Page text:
[34] Matsumura K, Ohtsubo T, Oniki H, Fujii K, Iida M. Gender-related association of serum uric acid and left ventricular hypertrophy in hypertension. Circulation Journal. 2006; 70: 885–888.

[35] Canepa M, Viazzi F, Strait JB, Ameri P, Pontremoli R, Brunelli C, et al. Longitudinal Association between Serum Uric Acid and Arterial Stiffness: Results from the Baltimore Longitudinal Study of Aging. Hypertension. 2017; 69: 228–235.

[36] Kuo C, Yu K, Luo S, Ko Y, Wen M, Lin Y, et al. Role of uric acid in the link between arterial stiffness and cardiac hypertrophy: a cross-sectional study. Rheumatology. 2010; 49: 1189–1196.

[37] Kurata A, Shigematsu Y, Higaki J. Sex-related differences in relations of uric acid to left ventricular hypertrophy and remodeling in Japanese hypertensive patients. Hypertension Research. 2005; 28: 133–139.

[38] Baena CP, Lotufo PA, Mill JG, Cunha Rde S, Benseñor IJ. Serum Uric Acid and Pulse Wave Velocity Among Healthy Adults: Baseline Data From the Brazilian Longitudinal Study of Adult Health (ELSA-Brazil). American Journal of Hypertension. 2015; 28: 966–970.

[39] Fairweather D, Petri MA, Coronado MJ, Cooper LT. Autoimmune heart disease: role of sex hormones and autoantibodies in disease pathogenesis. Expert Review of Clinical Immunology. 2012; 8: 269–284.

[40] Fairweather D. Sex differences in inflammation during atherosclerosis. Clinical Medicine Insights. Cardiology. 2015; 8: S49–S59.

[41] Neogi T, Ellison RC, Hunt S, Terkeltaub R, Felson DT, Zhang Y. Serum uric acid is associated with carotid plaques: the National Heart, Lung, and Blood Institute Family Heart Study. The Journal of Rheumatology. 2009; 36: 378–384.

[42] Pääkkö TJW, Perkiömäki JS, Kesäniemi YA, Ylitalo AS, Lumme JA, Huikuri HV, et al. Increasing ambulatory pulse pressure predicts the development of left ventricular hypertrophy during long-term follow-up. Journal of Human Hypertension. 2018; 32: 180–189.

[43] White WB. Systolic versus diastolic blood pressure versus pulse pressure. Current Cardiology Reports. 2002; 4: 463–467.

[44] Pérez-Lahiguera FJ, Rodilla E, Costa JA, Gonzalez C, Martín J, Pascual JM. Relationship of central and peripheral blood pressure to left ventricular mass in hypertensive patients. Revista Espanola De Cardiologia. 2012; 65: 1094–1100.

[45] Lin X, Wang X, Li X, Song L, Meng Z, Yang Q, et al. Gender-and Age-Specific Differences in the Association of Hyperuricemia and Hypertension: a Cross-Sectional Study. International Journal of Endocrinology. 2019; 2019: 7545137.

Abstracted / indexed in

Science Citation Index Expanded (SciSearch) Created as SCI in 1964, Science Citation Index Expanded now indexes over 9,200 of the world’s most impactful journals across 178 scientific disciplines. More than 53 million records and 1.18 billion cited references date back from 1900 to present.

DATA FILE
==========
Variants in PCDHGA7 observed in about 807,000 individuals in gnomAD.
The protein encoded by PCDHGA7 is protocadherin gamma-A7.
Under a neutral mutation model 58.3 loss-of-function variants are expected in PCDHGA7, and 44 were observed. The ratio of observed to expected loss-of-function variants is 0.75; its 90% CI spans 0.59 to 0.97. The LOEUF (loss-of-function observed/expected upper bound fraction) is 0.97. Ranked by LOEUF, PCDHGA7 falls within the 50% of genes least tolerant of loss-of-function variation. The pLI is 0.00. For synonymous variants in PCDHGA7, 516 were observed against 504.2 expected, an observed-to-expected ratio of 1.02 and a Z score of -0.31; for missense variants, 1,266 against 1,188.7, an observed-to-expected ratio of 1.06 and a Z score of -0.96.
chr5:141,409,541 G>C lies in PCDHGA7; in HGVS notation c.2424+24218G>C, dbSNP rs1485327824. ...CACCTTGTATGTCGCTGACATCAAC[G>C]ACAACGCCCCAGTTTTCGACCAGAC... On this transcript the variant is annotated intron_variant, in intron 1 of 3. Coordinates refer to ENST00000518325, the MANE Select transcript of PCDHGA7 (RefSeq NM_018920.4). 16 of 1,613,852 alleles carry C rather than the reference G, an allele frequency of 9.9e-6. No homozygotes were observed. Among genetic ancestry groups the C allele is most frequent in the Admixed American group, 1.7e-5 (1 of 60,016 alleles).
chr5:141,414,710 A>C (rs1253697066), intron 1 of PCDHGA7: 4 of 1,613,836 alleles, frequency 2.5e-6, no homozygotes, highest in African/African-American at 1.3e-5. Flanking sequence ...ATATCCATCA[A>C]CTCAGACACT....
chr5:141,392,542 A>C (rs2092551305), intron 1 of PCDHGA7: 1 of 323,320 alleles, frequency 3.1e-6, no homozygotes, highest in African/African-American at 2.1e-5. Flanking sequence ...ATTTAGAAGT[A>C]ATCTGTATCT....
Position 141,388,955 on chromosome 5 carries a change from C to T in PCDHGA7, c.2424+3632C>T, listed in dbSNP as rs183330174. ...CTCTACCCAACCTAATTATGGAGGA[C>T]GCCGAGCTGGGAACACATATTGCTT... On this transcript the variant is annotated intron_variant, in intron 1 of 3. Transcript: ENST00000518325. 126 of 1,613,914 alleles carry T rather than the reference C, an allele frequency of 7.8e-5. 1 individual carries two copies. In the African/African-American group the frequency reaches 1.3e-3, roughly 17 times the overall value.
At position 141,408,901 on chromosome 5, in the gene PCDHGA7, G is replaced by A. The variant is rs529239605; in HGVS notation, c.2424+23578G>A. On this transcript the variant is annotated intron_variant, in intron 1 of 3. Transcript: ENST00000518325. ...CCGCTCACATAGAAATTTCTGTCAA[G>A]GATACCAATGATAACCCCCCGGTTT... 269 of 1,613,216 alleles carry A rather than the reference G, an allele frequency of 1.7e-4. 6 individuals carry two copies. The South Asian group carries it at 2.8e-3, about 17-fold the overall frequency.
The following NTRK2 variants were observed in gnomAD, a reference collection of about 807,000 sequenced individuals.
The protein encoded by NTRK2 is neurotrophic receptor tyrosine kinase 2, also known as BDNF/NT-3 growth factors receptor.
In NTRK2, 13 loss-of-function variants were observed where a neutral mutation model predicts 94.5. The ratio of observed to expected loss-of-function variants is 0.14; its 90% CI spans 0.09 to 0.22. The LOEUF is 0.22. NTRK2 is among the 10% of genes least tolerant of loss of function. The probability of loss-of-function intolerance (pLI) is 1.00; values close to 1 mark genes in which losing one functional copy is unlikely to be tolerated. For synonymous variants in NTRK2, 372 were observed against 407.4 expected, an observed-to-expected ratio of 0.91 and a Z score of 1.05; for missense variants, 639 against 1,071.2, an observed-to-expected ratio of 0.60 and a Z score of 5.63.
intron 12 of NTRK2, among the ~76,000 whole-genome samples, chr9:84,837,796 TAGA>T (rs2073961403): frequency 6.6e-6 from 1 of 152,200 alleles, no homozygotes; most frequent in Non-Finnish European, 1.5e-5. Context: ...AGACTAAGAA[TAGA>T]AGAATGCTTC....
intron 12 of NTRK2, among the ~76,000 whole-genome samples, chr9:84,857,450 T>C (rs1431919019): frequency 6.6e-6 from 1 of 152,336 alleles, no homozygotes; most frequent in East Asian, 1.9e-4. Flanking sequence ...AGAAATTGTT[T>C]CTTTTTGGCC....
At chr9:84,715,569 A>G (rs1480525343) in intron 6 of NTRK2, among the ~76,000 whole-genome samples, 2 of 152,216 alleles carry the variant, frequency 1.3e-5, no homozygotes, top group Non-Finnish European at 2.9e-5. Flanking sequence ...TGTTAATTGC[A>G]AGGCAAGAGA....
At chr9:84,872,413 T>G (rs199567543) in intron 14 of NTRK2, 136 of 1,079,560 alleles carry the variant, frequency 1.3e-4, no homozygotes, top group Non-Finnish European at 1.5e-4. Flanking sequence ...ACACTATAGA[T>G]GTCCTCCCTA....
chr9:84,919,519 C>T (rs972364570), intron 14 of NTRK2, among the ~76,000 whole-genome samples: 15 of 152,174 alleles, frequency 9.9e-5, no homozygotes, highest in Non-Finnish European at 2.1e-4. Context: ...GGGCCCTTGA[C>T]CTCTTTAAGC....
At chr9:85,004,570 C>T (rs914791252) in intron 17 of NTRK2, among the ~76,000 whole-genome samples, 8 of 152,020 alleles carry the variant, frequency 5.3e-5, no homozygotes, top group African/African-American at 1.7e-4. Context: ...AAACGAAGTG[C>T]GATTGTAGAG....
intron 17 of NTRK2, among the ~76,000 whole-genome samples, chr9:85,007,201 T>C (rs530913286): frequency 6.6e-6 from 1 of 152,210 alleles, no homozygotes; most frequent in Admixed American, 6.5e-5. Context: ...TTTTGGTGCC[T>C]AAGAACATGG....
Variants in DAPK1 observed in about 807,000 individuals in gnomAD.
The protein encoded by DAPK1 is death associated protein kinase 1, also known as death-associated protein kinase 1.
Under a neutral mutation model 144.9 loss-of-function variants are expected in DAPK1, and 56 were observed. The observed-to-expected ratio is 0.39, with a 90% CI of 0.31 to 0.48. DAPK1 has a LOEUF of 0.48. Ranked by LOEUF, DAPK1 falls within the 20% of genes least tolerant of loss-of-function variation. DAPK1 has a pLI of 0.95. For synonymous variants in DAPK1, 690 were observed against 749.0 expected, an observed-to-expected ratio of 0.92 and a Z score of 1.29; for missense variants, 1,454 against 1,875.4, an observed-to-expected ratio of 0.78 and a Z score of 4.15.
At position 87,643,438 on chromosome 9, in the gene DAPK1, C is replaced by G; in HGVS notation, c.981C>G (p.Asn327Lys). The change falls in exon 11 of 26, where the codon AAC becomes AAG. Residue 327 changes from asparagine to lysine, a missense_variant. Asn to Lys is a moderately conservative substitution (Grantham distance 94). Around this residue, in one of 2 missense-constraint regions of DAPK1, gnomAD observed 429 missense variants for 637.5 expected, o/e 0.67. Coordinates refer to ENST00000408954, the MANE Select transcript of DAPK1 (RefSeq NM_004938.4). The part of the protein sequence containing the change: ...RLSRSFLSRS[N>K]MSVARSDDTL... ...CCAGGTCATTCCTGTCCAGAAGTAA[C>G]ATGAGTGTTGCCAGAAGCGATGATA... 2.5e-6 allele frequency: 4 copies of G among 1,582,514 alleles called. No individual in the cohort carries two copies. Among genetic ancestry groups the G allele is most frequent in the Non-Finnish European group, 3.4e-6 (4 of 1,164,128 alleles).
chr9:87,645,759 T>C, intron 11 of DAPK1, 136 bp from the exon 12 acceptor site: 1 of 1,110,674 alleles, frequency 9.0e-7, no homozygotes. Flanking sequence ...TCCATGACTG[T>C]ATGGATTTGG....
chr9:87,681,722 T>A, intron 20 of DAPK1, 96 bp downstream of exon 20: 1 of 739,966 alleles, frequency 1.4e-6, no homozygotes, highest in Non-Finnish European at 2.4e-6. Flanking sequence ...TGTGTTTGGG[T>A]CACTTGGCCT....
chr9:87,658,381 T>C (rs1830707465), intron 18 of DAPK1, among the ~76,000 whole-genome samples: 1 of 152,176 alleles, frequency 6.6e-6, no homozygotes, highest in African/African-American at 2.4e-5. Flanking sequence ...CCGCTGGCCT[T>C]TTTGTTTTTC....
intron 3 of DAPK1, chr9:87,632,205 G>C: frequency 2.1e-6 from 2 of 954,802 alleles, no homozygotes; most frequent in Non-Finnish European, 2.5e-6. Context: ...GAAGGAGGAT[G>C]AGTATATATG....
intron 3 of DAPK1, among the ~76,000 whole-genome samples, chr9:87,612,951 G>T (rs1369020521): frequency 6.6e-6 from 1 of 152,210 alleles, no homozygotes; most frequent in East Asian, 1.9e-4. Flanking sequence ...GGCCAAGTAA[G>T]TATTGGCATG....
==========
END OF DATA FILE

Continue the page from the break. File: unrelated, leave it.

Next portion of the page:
Journal Citation Reports/Science Edition Journal Citation Reports/Science Edition aims to evaluate a journal’s value from multiple perspectives including the journal impact factor, descriptive data about a journal’s open access content as well as contributing authors, and provide readers a transparent and publisher-neutral data & statistics information about the journal.

Directory of Open Access Journals (DOAJ) DOAJ is a unique and extensive index of diverse open access journals from around the world, driven by a growing community, committed to ensuring quality content is freely available online for everyone.

SCImago The SCImago Journal & Country Rank is a publicly available portal that includes the journals and country scientific indicators developed from the information contained in the Scopus® database (Elsevier B.V.)

Publication Forum - JUFO (Federation of Finnish Learned Societies) Publication Forum is a classification of publication channels created by the Finnish scientific community to support the quality assessment of academic research.

Scopus CiteScore 0.7 (2021) Scopus is Elsevier's abstract and citation database launched in 2004. Scopus covers nearly 36,377 titles (22,794 active titles and 13,583 Inactive titles) from approximately 11,678 publishers, of which 34,346 are peer-reviewed journals in top-level subject fields: life sciences, social sciences, physical sciences and health sciences.

Norwegian Register for Scientific Journals, Series and Publishers Search for publication channels (journals, series and publishers) in the Norwegian Register for Scientific Journals, Series and Publishers to see if they are considered as scientific. (https://kanalregister.hkdir.no/publiseringskanaler/Forside).

Submission Turnaround Time

Conferences

Top